was found on June 5, a day after Ramsey’s, that he was fit and a strong
swimmer. Now the autopsy has been released, his father, Randolph John is
adamant his son could not have drowned.
He told the Bahamas Tribune that if the men did drown, it meant they
were “incapacitated” before being tossed in the river. He also rejected the
idea that his son or Ramsey did drugs.
“If I was born three times again I wouldn’t accept that. If it was
in fact a drowning then it means that they were incapacitated prior to being
thrown in the river. That’s what it would mean,” he said.
“I know my son and I know his friend. They probably might drink a
little bit of alcohol but these are civilized persons with their heads screwed
on right. Do you reach that point in your life at that age, if you’re not
John, a St Augustine’s College graduate of Class of 2009 who was
near completion of his Ph.D. in Psychology at Saint Mary’s University in
Halifax, Nova Scotia, Canada, had travelled to Turin to present an academic
paper at a psychology conference.
Ramsey was employed with his country’s Ministry of Foreign Affairs
from December 2013, and was formerly posted at the Bahamas Embassy in
Port-au-Prince, Haiti as third Secretary/Vice-consul in 2016-2017. Last year,
he was granted an In-Service Award to pursue a one-year Postgraduate Diploma
programme at the Diplomatic Academy of Vienna in Austria for the September 2018
to June 2019 period. But sometime last week, he went to Turin.
The men both attended the same high school, Saint Augustine’s
College in New Providence.
Their bodies are to be returned to The Bahamas for burial. The Ministry of Foreign Affairs said it was working assiduously with funeral homes in Turin and Nassau to have the bodies repatriated to The Bahamas as quickly as possible, so that they can be turned over to their families.
Illegal Haitian Migrants Apprehended in The Bahamas
NASSAU, The Bahamas, Monday June 24, 2019 – A joint operation by
the Royal Bahamas Defence Force (RBDF) and Operation Bahamas Turks and Caicos (OPBAT)
with the support of Bahamas Immigration Department has resulted in the
apprehension of a Haitian sailing vessel with 100 undocumented Haitian nationals.
The vessel was
intercepted approximately 30 nautical miles northwest of Inagua around 2:20
p.m. last Thursday, accoding to the RBDF.
helicopter spotted the vessel and the Defence Force interceptor stationed in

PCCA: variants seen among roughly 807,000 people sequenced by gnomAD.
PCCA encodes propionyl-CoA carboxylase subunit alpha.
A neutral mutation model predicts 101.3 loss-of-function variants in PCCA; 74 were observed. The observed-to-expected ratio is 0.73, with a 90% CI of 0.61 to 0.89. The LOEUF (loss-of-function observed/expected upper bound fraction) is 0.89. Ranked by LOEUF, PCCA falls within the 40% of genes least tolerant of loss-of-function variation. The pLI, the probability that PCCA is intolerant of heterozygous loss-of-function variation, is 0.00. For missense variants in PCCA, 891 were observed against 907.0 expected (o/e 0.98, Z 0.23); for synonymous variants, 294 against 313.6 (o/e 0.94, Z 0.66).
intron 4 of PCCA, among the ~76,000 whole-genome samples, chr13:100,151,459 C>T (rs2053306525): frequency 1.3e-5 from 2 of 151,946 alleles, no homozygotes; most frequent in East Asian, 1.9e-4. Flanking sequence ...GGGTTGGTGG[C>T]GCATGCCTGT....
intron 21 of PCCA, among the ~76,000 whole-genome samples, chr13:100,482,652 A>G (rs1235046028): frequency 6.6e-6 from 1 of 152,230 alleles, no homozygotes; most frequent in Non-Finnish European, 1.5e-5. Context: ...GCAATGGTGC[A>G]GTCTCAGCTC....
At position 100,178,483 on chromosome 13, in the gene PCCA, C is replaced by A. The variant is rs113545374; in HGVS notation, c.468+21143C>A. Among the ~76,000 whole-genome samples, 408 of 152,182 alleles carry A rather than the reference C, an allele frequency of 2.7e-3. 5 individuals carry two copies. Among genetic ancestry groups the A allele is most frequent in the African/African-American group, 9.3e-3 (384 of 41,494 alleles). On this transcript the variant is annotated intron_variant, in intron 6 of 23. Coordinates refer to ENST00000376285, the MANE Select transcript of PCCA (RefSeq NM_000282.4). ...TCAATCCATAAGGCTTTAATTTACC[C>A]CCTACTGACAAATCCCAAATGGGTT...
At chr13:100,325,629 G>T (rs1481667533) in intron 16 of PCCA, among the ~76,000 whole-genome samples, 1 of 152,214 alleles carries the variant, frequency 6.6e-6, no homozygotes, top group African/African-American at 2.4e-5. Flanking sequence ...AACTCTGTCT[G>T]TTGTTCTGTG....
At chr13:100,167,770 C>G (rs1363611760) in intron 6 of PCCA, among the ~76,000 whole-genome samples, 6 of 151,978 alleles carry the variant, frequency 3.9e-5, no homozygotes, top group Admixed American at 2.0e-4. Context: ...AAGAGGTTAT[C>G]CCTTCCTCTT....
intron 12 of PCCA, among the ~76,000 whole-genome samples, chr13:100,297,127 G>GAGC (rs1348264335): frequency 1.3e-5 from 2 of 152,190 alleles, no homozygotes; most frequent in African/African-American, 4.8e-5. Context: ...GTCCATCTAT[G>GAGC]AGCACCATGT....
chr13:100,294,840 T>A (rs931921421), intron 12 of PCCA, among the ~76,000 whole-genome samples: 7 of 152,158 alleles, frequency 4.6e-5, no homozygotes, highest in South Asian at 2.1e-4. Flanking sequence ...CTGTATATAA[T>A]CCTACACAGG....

Inagua subsequently apprehended it. The vessel was later assisted by HMBS
The migrants – 89 males, 11 females – were transported to Inagua where they were handed over to Immigration authorities for processing.
Guyana President and Opposition Leader to Meet on CCJ Ruling
GEORGETOWN, Guyana, Monday June 24, 2019 – President David Granger has invited Opposition Leader Bharrat Jagdeo to meet with him to discuss the political situation in Guyana resulting from last week’s decision of the Caribbean Court of Justice (CCJ) that the no-confidence motion passed against the coalition government last December was valid and the appointment of the chairman of the Guyana Elections Commission (GECOM) was unconstitutional.
The two are
expected to meet at the Ministry of the Presidency after today, when the CCJ makes
the consequential orders arising from its ruling last Tuesday.
The invitation to
Jagdeo was made in a letter dated June 20, sent on behalf of Granger by Director
General, Ministry of the Presidency, Joseph Harmon.
Harmon said that
the letter serves to demonstrate President Granger’s commitment to “engagement
and dialogue” with the Opposition Leader in the interest of the development of
According to the
letter, the meeting will be held at the Ministry of the Presidency “at a time
convenient” to both parties “after Monday, June 24, 2019”.
The CCJ will today
hear from all parties on what should happen next after the court ruled that the
December 21 no confidence was properly passed with 33 votes in the 65-seat
National Assembly, and that President Granger acted outside the Constitution
when he unilaterally appointed retired Justice James Patterson as GECOM
The CCJ had urged
the parties to consult with each other on what the consequential orders should
be, in an effort to reach consensus.
Under the Guyana Constitution, elections should be held within three months of the passage of a no-confidence motion unless an extension is granted by a two-thirds majority vote of the National Assembly.